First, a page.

Opening new doors

Pictured is Sheffield Artist Geraint Edwards with his work on exhibit at Sheffield University,Jessop Building
Pictured is Sheffield Artist Geraint Edwards with his work on exhibit at Sheffield University,Jessop Building

THROUGHOUT December an advent calendar with a difference will gradually be revealed at the University of Sheffield.

The artwork by Sheffield artist Geraint Edwards is entitled Thirty-One and consists of a series of eight-inch wooden doors, each adorned with Christmas wreaths, handles and door knockers, on view in the Jessop West foyer on Upper Hanover Street.

There are doors for each day of December, rather than the usual 24 of advent, with each window representing a stage in a story derived from classic Russian folktales.

The doors will be opened one by one each day, revealing a new stage of the tale.

The piece is inspired by Vladimir Propp’s The Morphology of the Folk Tale, written in 1928, which identifies 31 possible elements which all Russian folktales follow.

The system by the Soviet formalist scholar has since been used to break down the structures of all kinds of stories such as Hitchcock’s movie, North by Northwest, and the James Bond novels.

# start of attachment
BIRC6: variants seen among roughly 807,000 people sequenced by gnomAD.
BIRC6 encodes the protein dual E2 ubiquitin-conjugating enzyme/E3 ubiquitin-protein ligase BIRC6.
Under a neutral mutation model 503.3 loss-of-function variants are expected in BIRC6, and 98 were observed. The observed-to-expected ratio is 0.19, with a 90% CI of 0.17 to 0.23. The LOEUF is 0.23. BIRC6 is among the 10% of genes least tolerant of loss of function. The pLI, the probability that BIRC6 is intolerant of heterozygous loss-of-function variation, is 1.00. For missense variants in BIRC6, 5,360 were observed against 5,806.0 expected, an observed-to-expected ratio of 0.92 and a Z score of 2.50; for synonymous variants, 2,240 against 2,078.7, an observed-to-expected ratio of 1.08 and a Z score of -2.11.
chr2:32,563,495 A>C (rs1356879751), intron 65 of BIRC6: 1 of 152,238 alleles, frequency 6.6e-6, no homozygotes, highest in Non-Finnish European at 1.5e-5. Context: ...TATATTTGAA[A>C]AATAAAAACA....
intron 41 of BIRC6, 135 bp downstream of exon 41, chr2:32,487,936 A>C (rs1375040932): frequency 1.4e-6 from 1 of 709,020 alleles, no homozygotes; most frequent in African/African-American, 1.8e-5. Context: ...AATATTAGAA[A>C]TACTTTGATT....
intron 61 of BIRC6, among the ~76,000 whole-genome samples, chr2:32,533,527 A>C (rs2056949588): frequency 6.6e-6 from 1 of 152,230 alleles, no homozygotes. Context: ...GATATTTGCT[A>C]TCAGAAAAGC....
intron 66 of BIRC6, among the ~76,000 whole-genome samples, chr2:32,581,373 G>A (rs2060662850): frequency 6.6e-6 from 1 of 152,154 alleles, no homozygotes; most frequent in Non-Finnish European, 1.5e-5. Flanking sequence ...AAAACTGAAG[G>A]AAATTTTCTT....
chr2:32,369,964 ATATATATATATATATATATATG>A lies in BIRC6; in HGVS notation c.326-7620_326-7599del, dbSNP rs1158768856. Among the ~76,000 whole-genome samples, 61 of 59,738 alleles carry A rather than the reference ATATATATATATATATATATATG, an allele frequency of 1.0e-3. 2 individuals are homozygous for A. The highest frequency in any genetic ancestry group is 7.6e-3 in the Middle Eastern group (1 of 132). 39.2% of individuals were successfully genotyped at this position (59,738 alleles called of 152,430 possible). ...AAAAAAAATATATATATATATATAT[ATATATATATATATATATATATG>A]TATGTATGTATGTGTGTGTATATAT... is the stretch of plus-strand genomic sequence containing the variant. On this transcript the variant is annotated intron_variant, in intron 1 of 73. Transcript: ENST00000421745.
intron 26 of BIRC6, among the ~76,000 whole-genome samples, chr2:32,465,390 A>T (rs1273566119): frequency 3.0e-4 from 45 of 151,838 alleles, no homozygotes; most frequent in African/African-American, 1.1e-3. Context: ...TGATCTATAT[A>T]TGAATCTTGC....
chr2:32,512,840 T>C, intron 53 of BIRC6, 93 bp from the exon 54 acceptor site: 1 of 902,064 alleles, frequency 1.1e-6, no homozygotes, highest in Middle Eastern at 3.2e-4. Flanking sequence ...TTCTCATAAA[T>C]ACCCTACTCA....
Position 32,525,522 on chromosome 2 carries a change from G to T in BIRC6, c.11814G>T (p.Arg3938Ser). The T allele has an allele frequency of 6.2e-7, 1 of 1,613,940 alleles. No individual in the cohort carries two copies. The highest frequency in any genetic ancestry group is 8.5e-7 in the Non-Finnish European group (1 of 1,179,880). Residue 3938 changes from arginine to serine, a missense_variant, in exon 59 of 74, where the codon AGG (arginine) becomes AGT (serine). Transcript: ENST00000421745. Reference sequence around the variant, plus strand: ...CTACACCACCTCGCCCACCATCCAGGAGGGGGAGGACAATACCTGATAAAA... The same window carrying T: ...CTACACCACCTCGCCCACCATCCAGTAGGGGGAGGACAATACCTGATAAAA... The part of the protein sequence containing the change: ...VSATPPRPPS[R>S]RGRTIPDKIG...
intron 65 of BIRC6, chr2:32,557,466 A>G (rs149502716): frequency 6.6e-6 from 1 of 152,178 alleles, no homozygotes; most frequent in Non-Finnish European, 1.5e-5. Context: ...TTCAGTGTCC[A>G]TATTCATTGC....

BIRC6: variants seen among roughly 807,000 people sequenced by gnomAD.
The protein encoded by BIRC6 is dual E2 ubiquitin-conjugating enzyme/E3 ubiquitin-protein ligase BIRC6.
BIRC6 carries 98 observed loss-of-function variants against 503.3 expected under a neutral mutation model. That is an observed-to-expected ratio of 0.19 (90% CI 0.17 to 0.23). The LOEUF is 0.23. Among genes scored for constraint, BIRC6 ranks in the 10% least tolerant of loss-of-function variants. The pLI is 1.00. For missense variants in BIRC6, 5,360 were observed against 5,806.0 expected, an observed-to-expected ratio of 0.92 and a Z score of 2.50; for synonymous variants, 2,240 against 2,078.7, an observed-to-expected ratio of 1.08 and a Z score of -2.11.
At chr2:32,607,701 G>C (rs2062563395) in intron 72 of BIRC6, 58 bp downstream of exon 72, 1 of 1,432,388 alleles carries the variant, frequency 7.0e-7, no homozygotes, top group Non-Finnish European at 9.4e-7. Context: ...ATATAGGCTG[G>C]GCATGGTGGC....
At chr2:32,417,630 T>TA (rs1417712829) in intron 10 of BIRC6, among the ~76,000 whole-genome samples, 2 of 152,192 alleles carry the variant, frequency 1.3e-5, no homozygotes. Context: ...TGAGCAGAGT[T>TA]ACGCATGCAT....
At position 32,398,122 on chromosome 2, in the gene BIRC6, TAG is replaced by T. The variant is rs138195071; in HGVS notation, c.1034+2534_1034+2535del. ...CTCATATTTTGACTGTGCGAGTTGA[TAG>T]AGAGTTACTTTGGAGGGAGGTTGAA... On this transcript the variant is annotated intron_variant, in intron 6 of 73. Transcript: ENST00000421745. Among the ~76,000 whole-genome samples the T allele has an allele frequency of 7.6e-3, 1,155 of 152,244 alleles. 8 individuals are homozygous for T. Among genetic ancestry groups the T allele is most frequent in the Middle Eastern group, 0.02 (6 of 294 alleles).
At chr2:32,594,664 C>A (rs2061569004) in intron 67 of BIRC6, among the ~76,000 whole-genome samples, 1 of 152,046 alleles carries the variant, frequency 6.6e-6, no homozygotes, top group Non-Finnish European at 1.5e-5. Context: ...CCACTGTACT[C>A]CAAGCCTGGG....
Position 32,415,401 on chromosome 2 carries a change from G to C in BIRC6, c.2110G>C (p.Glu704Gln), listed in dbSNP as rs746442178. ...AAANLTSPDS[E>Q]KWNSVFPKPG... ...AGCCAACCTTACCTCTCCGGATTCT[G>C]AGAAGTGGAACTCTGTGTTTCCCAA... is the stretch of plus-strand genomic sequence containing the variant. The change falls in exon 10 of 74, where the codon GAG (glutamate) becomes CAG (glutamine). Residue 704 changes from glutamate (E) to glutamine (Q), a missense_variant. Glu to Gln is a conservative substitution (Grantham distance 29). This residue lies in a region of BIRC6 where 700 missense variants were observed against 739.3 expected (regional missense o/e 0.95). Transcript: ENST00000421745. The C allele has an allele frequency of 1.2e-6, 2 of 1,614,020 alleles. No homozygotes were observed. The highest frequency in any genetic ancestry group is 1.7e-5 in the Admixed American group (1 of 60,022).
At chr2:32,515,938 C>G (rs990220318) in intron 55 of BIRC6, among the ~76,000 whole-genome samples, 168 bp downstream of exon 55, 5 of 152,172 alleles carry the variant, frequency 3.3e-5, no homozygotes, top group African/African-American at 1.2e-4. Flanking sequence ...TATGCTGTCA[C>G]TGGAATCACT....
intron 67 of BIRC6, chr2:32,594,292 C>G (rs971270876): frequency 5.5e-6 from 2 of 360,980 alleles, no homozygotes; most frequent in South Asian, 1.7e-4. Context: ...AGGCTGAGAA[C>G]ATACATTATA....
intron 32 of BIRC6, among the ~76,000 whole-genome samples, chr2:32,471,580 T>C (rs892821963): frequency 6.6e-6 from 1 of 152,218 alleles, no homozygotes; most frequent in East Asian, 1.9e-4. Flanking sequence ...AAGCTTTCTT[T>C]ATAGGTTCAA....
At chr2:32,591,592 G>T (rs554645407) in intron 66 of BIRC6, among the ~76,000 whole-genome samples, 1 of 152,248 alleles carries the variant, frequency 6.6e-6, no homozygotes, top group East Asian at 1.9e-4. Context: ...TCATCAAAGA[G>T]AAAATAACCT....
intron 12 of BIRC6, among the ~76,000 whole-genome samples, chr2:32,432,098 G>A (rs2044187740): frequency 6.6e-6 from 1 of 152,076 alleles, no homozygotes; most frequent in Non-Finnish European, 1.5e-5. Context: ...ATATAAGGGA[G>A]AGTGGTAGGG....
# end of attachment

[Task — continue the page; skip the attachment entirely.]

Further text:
Behind each door is a cross-stitch embroidery spelling out a different stage in a folktale according to Propp’s formula, starting with ‘The hero leaves home’ in the first frame through to ‘the villain is punished’ in No 30 and ‘the hero marries and ascends the throne in the last one’ (though that will not be revealed until the end of the month).

The artist, whose day job is an English language teacher at the university, says he hopes that the lack of images will stimulate the imagination of the viewer to create their own story.

“I thought it was nice to bring together the two aesthetics of the folk tales and the Christmas tradition,” he says.

“The black, glossy frames, the handles, door knockers and wreaths (obtained from dollhouse emporiums) are reminiscent of the Dickensian Victorian aesthetic which permeates so much of our Christmas traditions,” he explains. “The more rustic, wooden door connects us to the world of the folktale. These are the kind of doors that wolves knock on.”

The construction was straightforward, though quite repetitive, he says. “I did outsource some of the manual labour to my dad who is a skilled woodcrafter.”

One thing he had to learn was the embroidery of the cross-stitch text which evokes the aesthetic of “Home Sweet Home” and the environment within which such tales are told.

“Christmas is traditionally a time when families gather; when relations come together, stories are told and tales are passed down the generations.

The work celebrates traditional familial storytelling through the festive theme of the advent calendar.”

The siting of the exhibition in the busy university foyer provides a ready-made audience whom Edwards, originally from Llandudno in North Wales, hopes will be encouraged by the changing nature of the display to frequently revisit the piece as it unfolds.

The daily opening of the doors can also be followed on Facebook at a dedicated blog, which will run for the length of the project: